Finchem has raised about $71,200, as of the August finance report. Roberts is the only Clean Elections candidate in the race and so received $16,995 in public funding and another $5,580 in donations. And Quiroz has only raised $1,660.
A political newcomer, Quiroz said she got into the race "so teachers don't feel like they have to walk out again." She's one of a number of public school teachers who were inspired to run for office following the Red for Ed movement. She said the legislature needs to have a secure and steady budget for public schools that isn't subject to cuts.
"A good education—a good system—is synonymous with a good economy, and Arizona needs that desperately," she said.
The wife of a Marine veteran, Quiroz said her other priorities include adequate veteran services in rural areas and supporting small businesses.
When it comes to business, Roberts thinks Arizona is doing something right, touting Gov. Doug Ducey's assertion that more than 300 businesses have moved to Arizona since 2015.
Roberts said if elected, any legislation he supports would revolve around keeping the cost of living and doing business low.
"We have a lot of people that vote with their feet and move to the state of Arizona because our cost of living is low and we don't have high taxes," he said.
Finchem said, if re-elected, his No. 1 focus will be employment and continuing to attract new businesses to the state, saying that the state has created about 13,600 well-paying jobs in the Tucson-area over the last year.
Lyon said she agrees with her Republican opponents that incentivizing job growth is an important role of government and that small businesses do feel overtaxed and over-regulated. Bringing it back to education, she said along with jobs, the government needs to make sure people have access to a good education and training.
Quiroz thinks the way small businesses are taxed should be revisited to allow them more funds to re-invest in their businesses. She also supports vocational training as an alternative to college or working right out of high school.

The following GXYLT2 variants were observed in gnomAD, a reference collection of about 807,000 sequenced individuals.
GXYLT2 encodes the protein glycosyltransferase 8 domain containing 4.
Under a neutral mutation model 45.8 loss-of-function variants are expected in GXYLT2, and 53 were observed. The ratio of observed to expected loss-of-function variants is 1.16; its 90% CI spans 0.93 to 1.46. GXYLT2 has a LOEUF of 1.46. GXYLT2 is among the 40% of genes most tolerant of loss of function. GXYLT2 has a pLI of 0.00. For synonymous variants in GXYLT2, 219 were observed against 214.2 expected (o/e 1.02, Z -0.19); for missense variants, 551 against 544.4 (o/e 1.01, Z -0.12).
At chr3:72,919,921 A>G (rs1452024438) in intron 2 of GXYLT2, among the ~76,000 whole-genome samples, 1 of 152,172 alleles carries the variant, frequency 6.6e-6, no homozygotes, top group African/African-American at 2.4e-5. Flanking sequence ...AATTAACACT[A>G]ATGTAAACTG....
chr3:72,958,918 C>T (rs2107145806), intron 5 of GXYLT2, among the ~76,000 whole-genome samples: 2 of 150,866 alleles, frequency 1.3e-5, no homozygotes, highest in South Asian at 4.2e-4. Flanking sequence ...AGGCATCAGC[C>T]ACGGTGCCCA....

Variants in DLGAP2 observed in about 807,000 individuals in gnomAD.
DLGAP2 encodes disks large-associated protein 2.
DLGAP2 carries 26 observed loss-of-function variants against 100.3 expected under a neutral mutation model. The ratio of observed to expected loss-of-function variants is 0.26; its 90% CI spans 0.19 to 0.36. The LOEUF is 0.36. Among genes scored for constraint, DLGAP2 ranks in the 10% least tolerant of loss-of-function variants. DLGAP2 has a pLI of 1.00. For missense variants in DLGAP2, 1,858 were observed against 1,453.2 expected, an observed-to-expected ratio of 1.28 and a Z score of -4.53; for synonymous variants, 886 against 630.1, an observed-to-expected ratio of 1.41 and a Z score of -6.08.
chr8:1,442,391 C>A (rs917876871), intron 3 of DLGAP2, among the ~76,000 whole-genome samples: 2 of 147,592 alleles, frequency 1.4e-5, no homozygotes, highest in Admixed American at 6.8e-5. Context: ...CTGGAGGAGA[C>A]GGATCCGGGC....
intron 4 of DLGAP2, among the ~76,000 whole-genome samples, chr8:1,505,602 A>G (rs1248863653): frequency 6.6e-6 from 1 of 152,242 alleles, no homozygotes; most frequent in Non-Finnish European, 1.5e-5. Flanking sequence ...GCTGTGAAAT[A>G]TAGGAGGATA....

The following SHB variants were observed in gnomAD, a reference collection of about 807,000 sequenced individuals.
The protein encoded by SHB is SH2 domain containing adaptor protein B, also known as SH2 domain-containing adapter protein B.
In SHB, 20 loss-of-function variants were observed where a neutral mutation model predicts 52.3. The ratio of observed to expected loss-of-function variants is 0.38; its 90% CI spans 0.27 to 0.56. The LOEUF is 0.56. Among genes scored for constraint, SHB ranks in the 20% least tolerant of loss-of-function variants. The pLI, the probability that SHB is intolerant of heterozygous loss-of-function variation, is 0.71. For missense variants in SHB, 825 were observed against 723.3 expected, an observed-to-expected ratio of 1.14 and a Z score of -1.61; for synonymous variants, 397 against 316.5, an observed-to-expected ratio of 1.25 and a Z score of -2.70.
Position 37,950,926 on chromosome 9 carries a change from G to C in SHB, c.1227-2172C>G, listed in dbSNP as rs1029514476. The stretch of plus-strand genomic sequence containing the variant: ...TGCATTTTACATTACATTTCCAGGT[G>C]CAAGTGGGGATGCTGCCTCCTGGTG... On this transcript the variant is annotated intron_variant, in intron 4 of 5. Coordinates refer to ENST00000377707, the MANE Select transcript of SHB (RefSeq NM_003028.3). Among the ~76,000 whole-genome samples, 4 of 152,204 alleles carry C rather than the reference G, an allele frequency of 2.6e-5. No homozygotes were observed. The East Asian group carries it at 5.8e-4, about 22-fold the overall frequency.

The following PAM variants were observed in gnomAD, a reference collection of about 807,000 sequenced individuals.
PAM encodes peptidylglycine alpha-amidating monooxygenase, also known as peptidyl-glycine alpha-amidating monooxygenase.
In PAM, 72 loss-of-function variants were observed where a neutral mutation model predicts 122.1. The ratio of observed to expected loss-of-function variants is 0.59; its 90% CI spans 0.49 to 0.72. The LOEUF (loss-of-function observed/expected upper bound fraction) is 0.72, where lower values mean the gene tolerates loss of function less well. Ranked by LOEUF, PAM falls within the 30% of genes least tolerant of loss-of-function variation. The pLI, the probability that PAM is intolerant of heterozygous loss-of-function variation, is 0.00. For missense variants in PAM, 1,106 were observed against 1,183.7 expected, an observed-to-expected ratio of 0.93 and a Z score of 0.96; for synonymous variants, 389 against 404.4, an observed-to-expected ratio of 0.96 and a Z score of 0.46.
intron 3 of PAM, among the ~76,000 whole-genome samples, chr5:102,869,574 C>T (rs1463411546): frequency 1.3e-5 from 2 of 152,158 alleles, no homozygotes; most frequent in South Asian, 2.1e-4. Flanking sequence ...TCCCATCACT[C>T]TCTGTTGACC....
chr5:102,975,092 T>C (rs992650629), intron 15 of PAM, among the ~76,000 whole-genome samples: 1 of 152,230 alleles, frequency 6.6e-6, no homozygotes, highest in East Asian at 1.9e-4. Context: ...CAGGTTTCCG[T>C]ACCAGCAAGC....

Another place the Republicans and Democrats differed was on Prop. 127, which would require utilities to get 50 percent of their energy from renewable sources by 2030.
Finchem said if voters approve this law, it would increase people's utility bills. Besides affordability, he suggested that renewable sources are not efficient or reliable.
"You might not like nuclear. You might not like coal," he said. "But at the end of the day, when the lights aren't going on and your AC's not working at midnight and the wind ain't blowin' and the sun ain't shinin'—you don't have power."
Finchem thinks the state may already be doing too much for solar and suggested redirecting the $27 million a year that the state spends on solar subsidies into public education.
Both Lyon and Quiroz said they're in favor of Prop. 127. Quiroz said severing the dependency on fossil fuels is something the state need to do for the future generations.
Lyon said Arizona needs to invest in renewable-energy research and development and that using solar energy could actually make energy costs go down. She said it's also important to elect officials to the Arizona Corporation Commission who will keep energy rates down.
"If we had gotten behind solar energy and renewable energies back in the '70s when we saw this train wreck coming, we wouldn't be in this situation now," she said. "We are so dependent on fossil fuel energy and power that we can't see beyond that."